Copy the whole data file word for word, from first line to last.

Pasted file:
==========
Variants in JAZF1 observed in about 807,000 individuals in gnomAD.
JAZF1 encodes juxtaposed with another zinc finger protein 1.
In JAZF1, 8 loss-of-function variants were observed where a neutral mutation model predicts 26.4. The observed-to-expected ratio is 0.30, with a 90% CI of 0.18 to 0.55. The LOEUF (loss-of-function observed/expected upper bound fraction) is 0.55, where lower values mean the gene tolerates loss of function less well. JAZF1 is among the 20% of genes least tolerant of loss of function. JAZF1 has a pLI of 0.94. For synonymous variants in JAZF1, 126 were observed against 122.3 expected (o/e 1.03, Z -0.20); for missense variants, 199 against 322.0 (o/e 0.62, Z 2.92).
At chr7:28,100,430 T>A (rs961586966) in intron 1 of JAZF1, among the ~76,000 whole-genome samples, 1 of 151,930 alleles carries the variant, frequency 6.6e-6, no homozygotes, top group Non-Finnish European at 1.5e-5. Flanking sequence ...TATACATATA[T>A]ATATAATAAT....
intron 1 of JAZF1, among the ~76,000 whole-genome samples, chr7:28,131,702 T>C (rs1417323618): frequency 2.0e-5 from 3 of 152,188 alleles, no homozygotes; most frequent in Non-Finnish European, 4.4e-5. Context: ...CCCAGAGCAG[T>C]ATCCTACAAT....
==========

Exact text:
Variants in JAZF1 observed in about 807,000 individuals in gnomAD.
JAZF1 encodes juxtaposed with another zinc finger protein 1.
In JAZF1, 8 loss-of-function variants were observed where a neutral mutation model predicts 26.4. The observed-to-expected ratio is 0.30, with a 90% CI of 0.18 to 0.55. The LOEUF (loss-of-function observed/expected upper bound fraction) is 0.55, where lower values mean the gene tolerates loss of function less well. JAZF1 is among the 20% of genes least tolerant of loss of function. JAZF1 has a pLI of 0.94. For synonymous variants in JAZF1, 126 were observed against 122.3 expected (o/e 1.03, Z -0.20); for missense variants, 199 against 322.0 (o/e 0.62, Z 2.92).
At chr7:28,100,430 T>A (rs961586966) in intron 1 of JAZF1, among the ~76,000 whole-genome samples, 1 of 151,930 alleles carries the variant, frequency 6.6e-6, no homozygotes, top group Non-Finnish European at 1.5e-5. Flanking sequence ...TATACATATA[T>A]ATATAATAAT....
intron 1 of JAZF1, among the ~76,000 whole-genome samples, chr7:28,131,702 T>C (rs1417323618): frequency 2.0e-5 from 3 of 152,188 alleles, no homozygotes; most frequent in Non-Finnish European, 4.4e-5. Context: ...CCCAGAGCAG[T>C]ATCCTACAAT....